How to help an adult child or teenager deal with their parent’s divorce or separation
While the divorcing parents will likely be experiencing distress and grief of their own, it’s crucial to support themselves while prioritising children – regardless of their age – throughout this difficult process.
Explain the reasons behind the divorce or separation
Taking the time to sit down as a family to explain why you are separating will help children, teenagers and young adults process and accept the situation more readily. Making this age appropriate and avoiding laying blame can be very difficult. Running what you might say by someone you trust may be helpful. The focus needs to be as much as possible on what you can share that won’t make your children feel forced to take a side, take on the conflict, join any battles or have to choose between you. This is important for their mental health.
Don’t lean on your child for support
Although some teenagers or young adults may seem wise beyond their years, the responsibility of being ‘comforter and counsellor’ to a parent is an enormous emotional burden which may put their mental health at risk. Many will naturally reach out to take on this role and need you to lean and reassure them. Avoid leaning on them for your own comfort and support. Instead, turn to friends, adult family members or a professional for support.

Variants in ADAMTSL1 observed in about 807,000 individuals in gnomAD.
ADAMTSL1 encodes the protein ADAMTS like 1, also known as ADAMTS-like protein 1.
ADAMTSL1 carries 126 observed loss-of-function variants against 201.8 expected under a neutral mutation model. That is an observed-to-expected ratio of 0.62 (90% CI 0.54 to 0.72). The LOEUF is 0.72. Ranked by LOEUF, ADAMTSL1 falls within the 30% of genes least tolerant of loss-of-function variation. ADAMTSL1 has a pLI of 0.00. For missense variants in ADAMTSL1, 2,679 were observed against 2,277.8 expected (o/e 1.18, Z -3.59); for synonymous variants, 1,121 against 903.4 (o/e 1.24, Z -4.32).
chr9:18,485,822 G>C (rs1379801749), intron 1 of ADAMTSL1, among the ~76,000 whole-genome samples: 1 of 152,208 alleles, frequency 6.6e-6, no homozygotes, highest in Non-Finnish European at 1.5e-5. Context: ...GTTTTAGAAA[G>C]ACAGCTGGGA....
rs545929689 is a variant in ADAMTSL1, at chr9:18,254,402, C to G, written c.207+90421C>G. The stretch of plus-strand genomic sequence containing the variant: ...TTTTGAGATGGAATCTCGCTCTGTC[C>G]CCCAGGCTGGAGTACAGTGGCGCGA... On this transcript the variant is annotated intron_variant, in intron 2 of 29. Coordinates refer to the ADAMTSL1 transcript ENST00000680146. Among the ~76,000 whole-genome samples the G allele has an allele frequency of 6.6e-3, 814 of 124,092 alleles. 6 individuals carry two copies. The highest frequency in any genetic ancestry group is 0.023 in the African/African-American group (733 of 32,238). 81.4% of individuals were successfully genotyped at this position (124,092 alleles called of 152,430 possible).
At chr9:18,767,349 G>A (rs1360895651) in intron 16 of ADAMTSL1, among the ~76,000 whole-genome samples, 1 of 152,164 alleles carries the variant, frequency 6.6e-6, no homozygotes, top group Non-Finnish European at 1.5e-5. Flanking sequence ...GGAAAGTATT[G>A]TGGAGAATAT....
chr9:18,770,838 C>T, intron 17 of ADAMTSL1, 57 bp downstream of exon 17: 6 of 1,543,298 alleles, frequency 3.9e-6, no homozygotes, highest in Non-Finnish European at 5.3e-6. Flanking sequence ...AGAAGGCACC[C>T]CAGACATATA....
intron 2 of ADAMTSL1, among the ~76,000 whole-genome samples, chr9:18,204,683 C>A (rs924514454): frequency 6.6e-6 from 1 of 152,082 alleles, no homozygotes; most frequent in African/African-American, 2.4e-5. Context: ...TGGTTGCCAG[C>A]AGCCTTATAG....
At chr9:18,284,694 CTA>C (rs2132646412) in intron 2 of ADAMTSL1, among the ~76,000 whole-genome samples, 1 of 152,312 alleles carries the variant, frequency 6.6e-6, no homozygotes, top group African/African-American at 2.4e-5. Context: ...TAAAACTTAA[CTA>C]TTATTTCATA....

Stability is key
Just like younger children, teenagers and young adults thrive on stability and routine. Try to avoid making the big changes all at once or avoid making them altogether. The less their lives are disrupted, the better. Research from the Australian Institute of Family Studies showed that teenagers found disruptions and changes to their care schedules the most difficult part of a divorce. Whilst some of the teens surveyed craved equal time with both families, others wanted more stability and less back and forth between households. Parents may need to be flexible – not teenagers and young adults.
Even if you are met with grunts and “whatevers”, continue to make time to talk to your teenager or young adult. Just knowing you’re there for them and invested in their wellbeing will be an important source of comfort and reassurance. Two in three teenagers want a say in which parent they live with so, while you and your ex-partner are ultimately responsible for making the decisions, take time to listen to their concerns and opinions.
Give them a safe space to talk
You may find that your teenager or young adult is trying to save you from further upset by putting on a brave face. Offer to help find them individual support, as they may want to talk, just not to you. Often children, teenagers and young adults feel constrained and worried about hurting one or both parents’ feelings and/or making things worse. A counsellor or psychologist will be able to provide a safe place where your child can work through their feelings honestly.
Protect them from conflict
Keep conflict between you and the other parent to a minimum. Try to build a strong co-parenting alliance when possible and seek help to do this if needed. When conflict is high this may need to be more like parallel parenting where you approach parenting differently but work hard not to undermine each other when the children are spending time with each of you.
Remember, even in separation you are still modelling how to conduct interpersonal relationships to your children.